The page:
Both cameras under consideration feature an one-inch sensor and have a format factor (sometimes also referred to as "crop factor") of 2.7. Within the spectrum of camera sensors, this places the review cameras among the medium-sized sensor cameras that aim to strike a balance between image quality and portability. Both cameras have a native aspect ratio (sensor width to sensor height) of 3:2.
The two cameras under review do not only share the same sensor size, but also offer an identical resolution of 20 megapixel. This similarity in sensor specs implies that both the RX100 V and the G9X Mark II have the same pixel density, as well as the same pixel size. It should, however, be noted that the G9X Mark II is a somewhat more recent model (by 2 months) than the RX100 V, and its sensor might have benefitted from technological advances during this time.
Since 2007, DXO Mark has published sensor performance measurements that have been derived using a consistent methodology. This service assesses and scores the color depth ("DXO Portrait"), dynamic range ("DXO Landscape"), and low-light sensitivity ("DXO Sports") of camera sensors, and also publishes an overall camera score. Of the two cameras under review, the RX100 V has a notably higher overall DXO score than the G9X Mark II (overall score 5 points higher), which gives it an advantage in terms of imaging quality. This advantage is based on 0.9 bits higher color depth, 0.1 EV of lower dynamic range, and 0.2 stops in additional low light sensitivity. The following table provides an overview of the physical sensor characteristics, as well as the sensor quality measurements for a selection of comparators.
|Sony RX100 V»||1-inch||20.0||5472||3648||4K/30p||22.8||12.4||586||70|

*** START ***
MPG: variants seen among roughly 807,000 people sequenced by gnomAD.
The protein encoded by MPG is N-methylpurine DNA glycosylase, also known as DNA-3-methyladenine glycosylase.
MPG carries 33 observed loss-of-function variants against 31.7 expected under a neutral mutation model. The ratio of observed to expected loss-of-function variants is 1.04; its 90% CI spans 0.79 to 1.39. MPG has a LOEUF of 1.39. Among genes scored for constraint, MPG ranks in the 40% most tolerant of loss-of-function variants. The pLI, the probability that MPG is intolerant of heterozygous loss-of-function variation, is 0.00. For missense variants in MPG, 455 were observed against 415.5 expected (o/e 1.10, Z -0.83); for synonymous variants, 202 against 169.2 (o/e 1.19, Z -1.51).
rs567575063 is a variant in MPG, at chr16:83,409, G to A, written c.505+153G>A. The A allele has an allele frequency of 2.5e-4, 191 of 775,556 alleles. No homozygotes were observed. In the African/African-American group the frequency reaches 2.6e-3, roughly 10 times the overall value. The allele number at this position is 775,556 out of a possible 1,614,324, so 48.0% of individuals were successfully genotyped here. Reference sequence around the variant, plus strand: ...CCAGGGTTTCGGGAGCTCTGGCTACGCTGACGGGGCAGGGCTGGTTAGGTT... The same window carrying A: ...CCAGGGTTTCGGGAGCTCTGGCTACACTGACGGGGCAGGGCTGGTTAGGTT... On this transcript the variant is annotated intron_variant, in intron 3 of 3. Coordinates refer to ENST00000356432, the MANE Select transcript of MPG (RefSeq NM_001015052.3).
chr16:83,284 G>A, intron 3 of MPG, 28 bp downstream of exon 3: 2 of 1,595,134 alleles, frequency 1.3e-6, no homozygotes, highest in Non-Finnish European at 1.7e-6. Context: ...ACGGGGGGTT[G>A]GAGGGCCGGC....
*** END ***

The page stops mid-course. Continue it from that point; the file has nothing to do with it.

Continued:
|Canon G9 X Mark II«||1-inch||20.0||5472||3648||1080/60p||21.9||12.5||522||65|
|Canon M100« »||APS-C||24.0||6000||4000||1080/60p||23.5||12.9||1272||78|
|Canon SL2« »||APS-C||24.0||6000||4000||1080/60p||23.6||13.4||1041||79|
|Canon M5« »||APS-C||24.0||6000||4000||1080/60p||23.4||12.4||1262||77|
|Canon G9 X« »||1-inch||20.0||5472||3648||1080/60p||21.5||12.3||495||63|
|Canon M10« »||APS-C||17.9||5184||3456||1080/30p||22.2||11.4||753||65|
|Canon T6s« »||APS-C||24.0||6000||4000||1080/30p||22.6||12.0||915||70|
|Canon G3 X« »||1-inch||20.0||5472||3648||1080/60p||21.4||12.3||521||63|
|Nikon D5500« »||APS-C||24.0||6000||4000||1080/60p||24.1||14.0||1438||84|
|Sony RX100 VI« »||1-inch||20.0||5472||3648||4K/30p||-||-||-||-|
|Sony RX100 IV« »||1-inch||20.0||5472||3648||4K/30p||22.8||12.6||591||70|
|Sony RX100 III« »||1-inch||20.0||5472||3648||1080/60p||22.4||12.3||495||67|
|Sony RX100 II« »||1-inch||20.0||5472||3648||1080/60p||22.5||12.4||483||67|
Many modern cameras are not only capable of taking still images, but can also record movies. Both cameras under consideration have a sensor with sufficiently fast read-out times for moving pictures, but the RX100 V provides a higher video resolution than the G9X Mark II. It can shoot video footage at 4K/30p, while the Canon is limited to 1080/60p.
Feature comparison: Sony RX100 V vs Canon G9 X Mark II
Beyond body and sensor, cameras can and do differ across a range of features. For example, the RX100 V has an electronic viewfinder (2359k dots), which can be very helpful when shooting in bright sunlight. In contrast, the G9X Mark II relies on live view and the rear LCD for framing. The following table reports on some other key feature differences and similarities of the Sony RX100 V, the Canon G9 X Mark II, and comparable cameras. The full specs-sheets can be found in the camera manual or, for example, in the dpreview camera hub.
|Sony RX100 V»||2359||n||3.0||1229||tilting||n||2000||24.0||Y||Y|
|Canon G9 X Mark II«||-||n||3.0||1040||fixed||Y||2000||8.2||Y||Y|
|Canon M100« »||-||n||3.0||1040||tilting||Y||4000||6.1||Y||n|
|Canon SL2« »||optical||n||3.0||1040||swivel||Y||4000||5.0||Y||n|
|Canon M5« »||2360||n||3.2||1620||tilting||Y||4000||9.0||Y||n|
|Canon G9 X« »||-||n||3.0||1040||fixed||Y||2000||6.0||Y||Y|
|Canon M10« »||-||n||3.0||1040||tilting||Y||4000||4.6||Y||n|
|Canon T6s« »||optical||Y||3.0||1040||swivel||Y||4000||5.0||Y||n|
|Canon G3 X« »||-||n||3.2||1620||tilting||Y||2000||5.9||Y||Y|
|Nikon D5500« »||optical||n||3.2||1037||swivel||Y||4000||5.0||Y||n|
|Sony RX100 VI« »||2359||n||3.0||1229||tilting||Y||2000||24.0||Y||Y|
|Sony RX100 IV« »||2359||n||3.0||1228||tilting||n||2000||16.0||Y||Y|
|Sony RX100 III« »||1440||n||3.0||1229||tilting||n||2000||10.0||Y||Y|